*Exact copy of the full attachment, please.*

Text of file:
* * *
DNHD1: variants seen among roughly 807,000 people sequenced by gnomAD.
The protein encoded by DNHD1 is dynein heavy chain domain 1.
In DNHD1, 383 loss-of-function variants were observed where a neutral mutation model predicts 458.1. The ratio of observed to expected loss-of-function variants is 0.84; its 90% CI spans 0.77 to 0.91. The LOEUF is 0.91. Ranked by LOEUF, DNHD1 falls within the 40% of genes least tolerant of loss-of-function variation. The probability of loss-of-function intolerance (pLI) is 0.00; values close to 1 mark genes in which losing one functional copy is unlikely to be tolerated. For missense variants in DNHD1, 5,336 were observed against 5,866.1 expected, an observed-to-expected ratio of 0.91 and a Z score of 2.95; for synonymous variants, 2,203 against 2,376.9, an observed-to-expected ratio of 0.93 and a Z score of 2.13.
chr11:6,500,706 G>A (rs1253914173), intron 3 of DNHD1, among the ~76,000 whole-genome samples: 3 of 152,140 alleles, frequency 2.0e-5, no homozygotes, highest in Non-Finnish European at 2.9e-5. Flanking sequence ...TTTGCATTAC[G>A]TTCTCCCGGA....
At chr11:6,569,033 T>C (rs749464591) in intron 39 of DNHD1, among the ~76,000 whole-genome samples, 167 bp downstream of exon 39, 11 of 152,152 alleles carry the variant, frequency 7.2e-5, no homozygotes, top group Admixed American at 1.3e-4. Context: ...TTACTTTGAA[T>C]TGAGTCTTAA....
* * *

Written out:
DNHD1: variants seen among roughly 807,000 people sequenced by gnomAD.
The protein encoded by DNHD1 is dynein heavy chain domain 1.
In DNHD1, 383 loss-of-function variants were observed where a neutral mutation model predicts 458.1. The ratio of observed to expected loss-of-function variants is 0.84; its 90% CI spans 0.77 to 0.91. The LOEUF is 0.91. Ranked by LOEUF, DNHD1 falls within the 40% of genes least tolerant of loss-of-function variation. The probability of loss-of-function intolerance (pLI) is 0.00; values close to 1 mark genes in which losing one functional copy is unlikely to be tolerated. For missense variants in DNHD1, 5,336 were observed against 5,866.1 expected, an observed-to-expected ratio of 0.91 and a Z score of 2.95; for synonymous variants, 2,203 against 2,376.9, an observed-to-expected ratio of 0.93 and a Z score of 2.13.
chr11:6,500,706 G>A (rs1253914173), intron 3 of DNHD1, among the ~76,000 whole-genome samples: 3 of 152,140 alleles, frequency 2.0e-5, no homozygotes, highest in Non-Finnish European at 2.9e-5. Flanking sequence ...TTTGCATTAC[G>A]TTCTCCCGGA....
At chr11:6,569,033 T>C (rs749464591) in intron 39 of DNHD1, among the ~76,000 whole-genome samples, 167 bp downstream of exon 39, 11 of 152,152 alleles carry the variant, frequency 7.2e-5, no homozygotes, top group Admixed American at 1.3e-4. Context: ...TTACTTTGAA[T>C]TGAGTCTTAA....